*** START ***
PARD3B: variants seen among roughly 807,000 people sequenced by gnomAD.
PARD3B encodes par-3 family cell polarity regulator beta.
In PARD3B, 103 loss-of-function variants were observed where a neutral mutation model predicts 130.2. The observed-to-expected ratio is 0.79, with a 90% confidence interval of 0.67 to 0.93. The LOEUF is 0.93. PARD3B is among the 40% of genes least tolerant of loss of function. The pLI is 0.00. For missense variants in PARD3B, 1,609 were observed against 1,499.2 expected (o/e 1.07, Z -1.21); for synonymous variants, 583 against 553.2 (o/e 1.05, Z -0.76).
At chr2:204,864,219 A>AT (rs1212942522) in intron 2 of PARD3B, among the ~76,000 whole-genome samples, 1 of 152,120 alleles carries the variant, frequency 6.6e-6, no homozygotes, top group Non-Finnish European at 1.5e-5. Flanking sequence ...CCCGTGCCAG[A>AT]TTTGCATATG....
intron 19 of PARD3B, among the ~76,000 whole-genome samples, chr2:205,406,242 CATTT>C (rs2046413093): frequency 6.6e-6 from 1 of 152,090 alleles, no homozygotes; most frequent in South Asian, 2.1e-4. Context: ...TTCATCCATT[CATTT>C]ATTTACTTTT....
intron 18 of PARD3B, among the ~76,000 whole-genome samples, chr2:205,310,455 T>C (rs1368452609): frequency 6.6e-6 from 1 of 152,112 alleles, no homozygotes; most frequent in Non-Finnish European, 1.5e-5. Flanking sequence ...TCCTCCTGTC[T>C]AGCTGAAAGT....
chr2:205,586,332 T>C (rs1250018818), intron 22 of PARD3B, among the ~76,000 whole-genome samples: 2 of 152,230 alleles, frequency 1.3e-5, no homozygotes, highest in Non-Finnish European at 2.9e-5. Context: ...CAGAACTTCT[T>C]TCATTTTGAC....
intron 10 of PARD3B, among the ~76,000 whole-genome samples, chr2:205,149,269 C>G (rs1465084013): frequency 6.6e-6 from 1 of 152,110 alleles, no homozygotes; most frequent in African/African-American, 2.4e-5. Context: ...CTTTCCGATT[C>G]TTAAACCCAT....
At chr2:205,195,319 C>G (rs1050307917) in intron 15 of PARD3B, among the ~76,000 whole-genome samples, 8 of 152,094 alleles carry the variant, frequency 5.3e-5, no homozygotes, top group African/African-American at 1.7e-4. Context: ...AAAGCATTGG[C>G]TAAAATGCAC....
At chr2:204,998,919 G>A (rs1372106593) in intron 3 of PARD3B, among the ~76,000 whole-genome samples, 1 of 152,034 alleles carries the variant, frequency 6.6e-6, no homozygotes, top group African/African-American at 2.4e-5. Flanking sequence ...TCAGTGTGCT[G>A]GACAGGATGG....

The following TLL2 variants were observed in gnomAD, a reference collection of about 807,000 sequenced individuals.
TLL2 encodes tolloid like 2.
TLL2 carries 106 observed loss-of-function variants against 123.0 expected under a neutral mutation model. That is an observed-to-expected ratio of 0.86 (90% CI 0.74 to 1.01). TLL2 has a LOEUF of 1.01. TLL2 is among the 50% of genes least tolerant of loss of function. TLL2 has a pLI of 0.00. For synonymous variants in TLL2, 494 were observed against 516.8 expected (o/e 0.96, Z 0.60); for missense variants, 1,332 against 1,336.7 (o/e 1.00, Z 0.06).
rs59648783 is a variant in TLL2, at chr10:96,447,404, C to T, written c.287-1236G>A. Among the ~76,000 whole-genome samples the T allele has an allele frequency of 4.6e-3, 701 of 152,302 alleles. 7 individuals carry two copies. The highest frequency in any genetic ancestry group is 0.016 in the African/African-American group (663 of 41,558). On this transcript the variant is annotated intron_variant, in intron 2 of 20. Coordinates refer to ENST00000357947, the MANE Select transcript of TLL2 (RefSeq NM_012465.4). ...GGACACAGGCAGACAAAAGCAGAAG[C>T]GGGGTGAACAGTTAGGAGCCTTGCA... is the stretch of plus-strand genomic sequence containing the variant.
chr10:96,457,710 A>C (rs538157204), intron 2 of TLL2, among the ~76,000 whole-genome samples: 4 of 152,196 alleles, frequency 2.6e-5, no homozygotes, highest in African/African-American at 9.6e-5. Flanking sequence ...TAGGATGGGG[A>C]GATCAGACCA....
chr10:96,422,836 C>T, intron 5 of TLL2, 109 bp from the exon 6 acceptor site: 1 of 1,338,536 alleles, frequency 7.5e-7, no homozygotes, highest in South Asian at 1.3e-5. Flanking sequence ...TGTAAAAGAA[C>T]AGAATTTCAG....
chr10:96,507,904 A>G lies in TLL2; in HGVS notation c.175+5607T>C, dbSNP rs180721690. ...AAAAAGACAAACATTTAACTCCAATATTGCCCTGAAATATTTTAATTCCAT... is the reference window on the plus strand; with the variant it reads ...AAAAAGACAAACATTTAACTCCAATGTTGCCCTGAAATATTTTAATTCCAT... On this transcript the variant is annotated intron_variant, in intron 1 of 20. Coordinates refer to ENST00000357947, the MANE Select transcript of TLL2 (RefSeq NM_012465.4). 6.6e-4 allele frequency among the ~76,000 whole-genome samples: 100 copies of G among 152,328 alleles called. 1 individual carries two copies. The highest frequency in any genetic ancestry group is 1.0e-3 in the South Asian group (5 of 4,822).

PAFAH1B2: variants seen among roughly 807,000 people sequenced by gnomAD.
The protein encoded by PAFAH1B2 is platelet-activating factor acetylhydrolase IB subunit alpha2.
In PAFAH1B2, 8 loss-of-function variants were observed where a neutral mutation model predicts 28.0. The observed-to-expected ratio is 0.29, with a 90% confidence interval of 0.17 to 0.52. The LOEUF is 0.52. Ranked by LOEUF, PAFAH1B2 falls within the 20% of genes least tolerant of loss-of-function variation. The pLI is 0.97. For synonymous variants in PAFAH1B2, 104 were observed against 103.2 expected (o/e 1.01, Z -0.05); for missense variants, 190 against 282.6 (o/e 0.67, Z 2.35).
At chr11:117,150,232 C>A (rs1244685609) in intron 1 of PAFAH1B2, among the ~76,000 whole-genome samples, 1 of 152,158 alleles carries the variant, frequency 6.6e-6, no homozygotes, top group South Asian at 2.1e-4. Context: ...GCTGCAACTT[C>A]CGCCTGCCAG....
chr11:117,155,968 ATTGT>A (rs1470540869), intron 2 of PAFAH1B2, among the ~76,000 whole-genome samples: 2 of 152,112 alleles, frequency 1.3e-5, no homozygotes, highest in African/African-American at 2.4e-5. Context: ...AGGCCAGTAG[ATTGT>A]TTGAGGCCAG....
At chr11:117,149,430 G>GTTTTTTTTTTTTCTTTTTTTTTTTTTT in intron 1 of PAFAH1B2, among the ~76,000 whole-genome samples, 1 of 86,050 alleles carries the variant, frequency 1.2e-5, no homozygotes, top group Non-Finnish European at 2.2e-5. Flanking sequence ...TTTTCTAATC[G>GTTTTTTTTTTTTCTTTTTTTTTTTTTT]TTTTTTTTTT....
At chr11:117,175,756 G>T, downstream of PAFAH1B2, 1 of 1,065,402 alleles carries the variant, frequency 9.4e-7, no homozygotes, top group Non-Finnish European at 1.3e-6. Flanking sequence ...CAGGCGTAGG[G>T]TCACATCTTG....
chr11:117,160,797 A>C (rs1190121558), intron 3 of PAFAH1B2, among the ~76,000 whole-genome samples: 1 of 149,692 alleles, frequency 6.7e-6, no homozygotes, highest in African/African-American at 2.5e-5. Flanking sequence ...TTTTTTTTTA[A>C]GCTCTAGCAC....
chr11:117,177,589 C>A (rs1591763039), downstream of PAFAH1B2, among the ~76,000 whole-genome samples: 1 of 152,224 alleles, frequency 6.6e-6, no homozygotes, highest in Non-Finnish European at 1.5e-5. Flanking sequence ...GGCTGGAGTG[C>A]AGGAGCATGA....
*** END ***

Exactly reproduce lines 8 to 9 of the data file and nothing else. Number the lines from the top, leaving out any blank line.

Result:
intron 10 of PARD3B, among the ~76,000 whole-genome samples, chr2:205,149,269 C>G (rs1465084013): frequency 6.6e-6 from 1 of 152,110 alleles, no homozygotes; most frequent in African/African-American, 2.4e-5. Context: ...CTTTCCGATT[C>G]TTAAACCCAT....
At chr2:205,195,319 C>G (rs1050307917) in intron 15 of PARD3B, among the ~76,000 whole-genome samples, 8 of 152,094 alleles carry the variant, frequency 5.3e-5, no homozygotes, top group African/African-American at 1.7e-4. Context: ...AAAGCATTGG[C>G]TAAAATGCAC....